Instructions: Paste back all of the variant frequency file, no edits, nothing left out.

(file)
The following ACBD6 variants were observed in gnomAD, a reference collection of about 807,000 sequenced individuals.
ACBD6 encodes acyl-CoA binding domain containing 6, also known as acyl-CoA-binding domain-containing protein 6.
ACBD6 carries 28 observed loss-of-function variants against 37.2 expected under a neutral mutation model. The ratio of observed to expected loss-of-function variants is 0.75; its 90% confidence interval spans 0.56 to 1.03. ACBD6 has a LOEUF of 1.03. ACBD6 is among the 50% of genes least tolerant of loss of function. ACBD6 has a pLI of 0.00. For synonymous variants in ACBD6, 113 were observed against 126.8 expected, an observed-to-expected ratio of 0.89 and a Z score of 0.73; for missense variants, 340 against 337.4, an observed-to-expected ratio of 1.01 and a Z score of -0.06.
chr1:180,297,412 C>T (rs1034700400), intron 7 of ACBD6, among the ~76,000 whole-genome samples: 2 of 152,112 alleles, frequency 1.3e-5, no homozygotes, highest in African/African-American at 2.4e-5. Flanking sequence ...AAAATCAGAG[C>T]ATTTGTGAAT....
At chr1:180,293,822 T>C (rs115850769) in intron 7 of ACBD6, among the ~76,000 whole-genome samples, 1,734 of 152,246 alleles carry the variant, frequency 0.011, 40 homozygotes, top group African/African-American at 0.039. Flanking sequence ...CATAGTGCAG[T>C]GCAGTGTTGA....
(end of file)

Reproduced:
The following ACBD6 variants were observed in gnomAD, a reference collection of about 807,000 sequenced individuals.
ACBD6 encodes acyl-CoA binding domain containing 6, also known as acyl-CoA-binding domain-containing protein 6.
ACBD6 carries 28 observed loss-of-function variants against 37.2 expected under a neutral mutation model. The ratio of observed to expected loss-of-function variants is 0.75; its 90% confidence interval spans 0.56 to 1.03. ACBD6 has a LOEUF of 1.03. ACBD6 is among the 50% of genes least tolerant of loss of function. ACBD6 has a pLI of 0.00. For synonymous variants in ACBD6, 113 were observed against 126.8 expected, an observed-to-expected ratio of 0.89 and a Z score of 0.73; for missense variants, 340 against 337.4, an observed-to-expected ratio of 1.01 and a Z score of -0.06.
chr1:180,297,412 C>T (rs1034700400), intron 7 of ACBD6, among the ~76,000 whole-genome samples: 2 of 152,112 alleles, frequency 1.3e-5, no homozygotes, highest in African/African-American at 2.4e-5. Flanking sequence ...AAAATCAGAG[C>T]ATTTGTGAAT....
At chr1:180,293,822 T>C (rs115850769) in intron 7 of ACBD6, among the ~76,000 whole-genome samples, 1,734 of 152,246 alleles carry the variant, frequency 0.011, 40 homozygotes, top group African/African-American at 0.039. Flanking sequence ...CATAGTGCAG[T>C]GCAGTGTTGA....